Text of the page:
I figured I’d finish the  blogcation/prioritization/birthday present/dental/shopping/parental post over lunch, though I thought I’d save the dental/shopping/parental parts for later . . . and also the birthday present part, because I hadn’t downloaded the photos, &#!% it.

And then I realized that while I’d remembered to pack a bag lunch for Jane and give her field trip money, I’d forgotten to pack my own lunch or save enough cash to go out.

I figured I’d grab a bag of chips to eat at my desk and at least take a stab at writing up the decisions I’d made during my blogcation concerning my priorities and the changes I needed to make to stay productive, sane, and healthy. Or best two out of three, ’cause I gotta be me.

And then I thought about those priorities, showing vs. telling, and the definition of insanity.  And about not slapping myself on the hairpinned side of my forehead.



So at the time this post goes live, I’ll be sitting in my favorite nearby restaurant and having a nice salad and about a gallon of iced tea, because Rome was not decaffeinated in a day—unless that’s why it fell—and planning out a series of posts featuring a single topic each in the efforts to boost coherency.

Hey, it could happen.

Stay tuned.  Please.

So . . . How’s your Monday treating YOU?

Boxing Glove

Poetry Wednesday: Building More Sidewalk

National Poetry Month is Still with Us!

So give yourself a gift and whimsical up a poem.  Make it silly, make it stupid, make it about meatballs on spaghetti and ninjas on Mars.  About ants and queens and cabbages and Prime Ministers and digging wells with runcible spoons.

Steal rhythms, fake rhymes, have pirates dance the rhombus on paper plates with protractors, write a doggerel saga about a noble corgi’s Quest for the Golden Fleas, dance down the page with a three-legged gerbil who plays a mean sax in that rat hole of a speakeasy on the west side of Ferretburg on Saturday nights.

Forget form, forget reason, forget dignity.  Have a giggle, have a laugh, have fun.

Hoist the flag of Aunt Bertha’s bloomers and scar your psyche with who salutes. Scare those horses—make puns, not war.

Wrap your hair around your bare and build more sidewalk.

Revel in your own ridiculousness and throw the scansion out the window.

Here—I’ll go first:

I pledge allegianceCoffee
To the bean
That produces my daily coffee
And to the caffeine
Which helps me stand.
Large Americano
Under a lid
With fat-free creamer
and a double hazelnut shot.

Clearly, even poetry-loving non-poets can have fun with this stuff.

It obviously doesn’t have to be good, it just has to be fun to write.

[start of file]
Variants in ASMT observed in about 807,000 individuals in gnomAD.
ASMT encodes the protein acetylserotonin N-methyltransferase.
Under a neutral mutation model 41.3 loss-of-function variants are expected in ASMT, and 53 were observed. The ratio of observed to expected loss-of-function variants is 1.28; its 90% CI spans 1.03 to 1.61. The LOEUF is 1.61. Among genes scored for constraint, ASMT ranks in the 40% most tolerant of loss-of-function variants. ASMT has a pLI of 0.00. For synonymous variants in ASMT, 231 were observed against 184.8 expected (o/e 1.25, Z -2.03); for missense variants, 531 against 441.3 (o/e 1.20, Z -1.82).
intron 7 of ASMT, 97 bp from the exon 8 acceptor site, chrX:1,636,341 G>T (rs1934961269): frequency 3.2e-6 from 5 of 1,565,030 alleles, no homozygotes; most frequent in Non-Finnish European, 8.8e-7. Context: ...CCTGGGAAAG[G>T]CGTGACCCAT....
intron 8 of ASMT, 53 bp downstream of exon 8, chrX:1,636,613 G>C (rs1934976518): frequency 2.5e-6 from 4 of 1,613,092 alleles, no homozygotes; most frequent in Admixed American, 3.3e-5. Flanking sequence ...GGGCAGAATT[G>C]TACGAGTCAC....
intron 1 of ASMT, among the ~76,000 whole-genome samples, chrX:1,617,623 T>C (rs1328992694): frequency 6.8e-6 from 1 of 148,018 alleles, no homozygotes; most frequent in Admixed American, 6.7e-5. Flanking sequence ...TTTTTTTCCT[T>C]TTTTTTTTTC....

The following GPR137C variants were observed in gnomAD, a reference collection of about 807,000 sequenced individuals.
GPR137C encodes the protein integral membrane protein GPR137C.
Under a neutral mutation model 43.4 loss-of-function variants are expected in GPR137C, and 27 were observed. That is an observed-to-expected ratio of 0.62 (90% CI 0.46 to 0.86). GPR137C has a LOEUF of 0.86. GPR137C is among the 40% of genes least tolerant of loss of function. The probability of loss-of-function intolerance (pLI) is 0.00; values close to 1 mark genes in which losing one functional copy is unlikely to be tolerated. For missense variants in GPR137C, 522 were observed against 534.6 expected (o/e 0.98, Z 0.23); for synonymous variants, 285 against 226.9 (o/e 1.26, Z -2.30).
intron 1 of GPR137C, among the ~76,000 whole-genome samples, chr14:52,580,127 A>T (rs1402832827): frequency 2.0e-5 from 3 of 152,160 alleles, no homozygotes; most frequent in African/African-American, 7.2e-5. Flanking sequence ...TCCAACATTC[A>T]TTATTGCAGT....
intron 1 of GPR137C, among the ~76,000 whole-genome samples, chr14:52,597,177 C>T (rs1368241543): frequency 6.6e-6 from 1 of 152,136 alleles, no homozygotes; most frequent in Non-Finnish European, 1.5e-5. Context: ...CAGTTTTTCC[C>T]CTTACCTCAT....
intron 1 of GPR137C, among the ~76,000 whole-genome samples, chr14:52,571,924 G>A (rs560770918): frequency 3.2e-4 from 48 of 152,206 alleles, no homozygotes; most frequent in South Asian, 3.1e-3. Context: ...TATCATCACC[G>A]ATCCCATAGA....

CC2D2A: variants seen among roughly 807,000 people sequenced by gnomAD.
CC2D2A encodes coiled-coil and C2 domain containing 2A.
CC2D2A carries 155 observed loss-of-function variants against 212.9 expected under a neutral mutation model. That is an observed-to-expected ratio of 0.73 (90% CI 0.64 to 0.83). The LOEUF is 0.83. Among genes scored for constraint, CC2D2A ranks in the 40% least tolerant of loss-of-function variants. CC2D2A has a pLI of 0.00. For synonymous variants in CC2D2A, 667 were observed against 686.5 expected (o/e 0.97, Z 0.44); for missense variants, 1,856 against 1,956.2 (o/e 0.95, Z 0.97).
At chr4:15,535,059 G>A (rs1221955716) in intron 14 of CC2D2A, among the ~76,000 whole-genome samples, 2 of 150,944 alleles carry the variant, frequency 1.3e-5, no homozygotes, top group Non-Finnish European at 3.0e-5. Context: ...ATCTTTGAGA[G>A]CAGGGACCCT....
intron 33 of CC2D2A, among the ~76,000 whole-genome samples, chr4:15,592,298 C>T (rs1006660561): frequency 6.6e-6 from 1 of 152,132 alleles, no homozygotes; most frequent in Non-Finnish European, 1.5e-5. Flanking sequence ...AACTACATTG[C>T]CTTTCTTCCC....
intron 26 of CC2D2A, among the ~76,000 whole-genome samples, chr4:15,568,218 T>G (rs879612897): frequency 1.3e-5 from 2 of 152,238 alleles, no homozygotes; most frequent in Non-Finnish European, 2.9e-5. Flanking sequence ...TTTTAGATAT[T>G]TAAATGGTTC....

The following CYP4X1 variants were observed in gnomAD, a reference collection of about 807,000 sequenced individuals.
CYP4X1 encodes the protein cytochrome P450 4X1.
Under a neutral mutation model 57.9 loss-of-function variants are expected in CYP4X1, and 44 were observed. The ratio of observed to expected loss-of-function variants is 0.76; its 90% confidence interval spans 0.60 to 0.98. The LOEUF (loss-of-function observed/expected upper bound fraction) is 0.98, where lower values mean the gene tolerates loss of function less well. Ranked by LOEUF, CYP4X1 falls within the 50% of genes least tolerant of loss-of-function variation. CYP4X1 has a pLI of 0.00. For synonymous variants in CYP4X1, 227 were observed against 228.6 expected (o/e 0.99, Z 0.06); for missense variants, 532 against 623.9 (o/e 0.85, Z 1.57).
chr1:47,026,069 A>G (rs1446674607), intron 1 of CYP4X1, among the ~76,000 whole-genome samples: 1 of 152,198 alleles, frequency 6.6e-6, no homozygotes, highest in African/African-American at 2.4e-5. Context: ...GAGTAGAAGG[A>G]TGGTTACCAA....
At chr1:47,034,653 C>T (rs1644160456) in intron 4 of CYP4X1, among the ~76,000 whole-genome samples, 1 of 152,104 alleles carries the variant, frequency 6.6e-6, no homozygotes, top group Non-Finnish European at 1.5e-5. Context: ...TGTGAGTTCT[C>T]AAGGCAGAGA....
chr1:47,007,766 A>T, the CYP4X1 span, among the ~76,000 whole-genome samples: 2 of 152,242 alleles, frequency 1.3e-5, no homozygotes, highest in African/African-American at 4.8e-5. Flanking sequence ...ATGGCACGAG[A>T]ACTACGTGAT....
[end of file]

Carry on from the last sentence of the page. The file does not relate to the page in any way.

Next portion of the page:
Lied the Raven, “Nevermore,”
As he tossed pancakes
On my kitchen floor.
It’s only his way of keeping score
With the graymalkin who lives next door.

Dragons live across the street.
The friendliest creatures
You’ll ever meet.
Block parties with them? Always a treat—
Barbecuing with neighbors can’t be beat!

There’s a paddock down the roadMysterious Face
Who was warned twice
To keep his lawn mowed.
It’s right there in the Neighborhood Code:
“Violators will be toad.”

That pond’s home to a cute merman—
At home in water,
Not so much on land.
When the city pushed that piranha ban?
I gave him legs, so he could take a stand.

This neighborhood’s nice, that’s a fact
Close to good schools
And parks for your pack.
And if there’s trouble, I’ve got your back—
‘Cause I’m the Witch of the Cul-de-sac.

Showed you mine.  Where’s yours?

Quiz Me, Baby, One More Time

You know those personality quizzes that invite you to discover what color/tv actor/superhero/Disney princess/Supreme Court Justice you are by asking you whether you’d pay for your pizza with cash or write a check?

They’re everywhere.  You can’t go on Facebook these days without finding out that your friends are channeling Mae West, Charizard, and/or Benjamin Disraeli.

And I’m not immune, even if the questions ar either completely obvious (“Would you tell the cute person at the bar to ‘Come up sometime and see me‘ or ‘Action my not always bring happiness; but there is no happiness without action‘?”) or weird as snake shoes—though that might be the Charizard coming through.

Because who among us wouldn’t want to know more about their fundamental, core personality, as exemplified by the  Muppet who would also thrash to Martin Garrix at the club and spend the weekend reading Proust to his or her avocado plant?

So, according to the finest free psychological analysis methods currently available online, here’s me in a couple of nutshells—pecan, apparently, if you’re wondering:


Color Quiz

**So far so good, except for the calm, the peaceful and the outdoors part.  But my favorite color is green.**


 Wendy Darling

(Literary Character)

Literary Quiz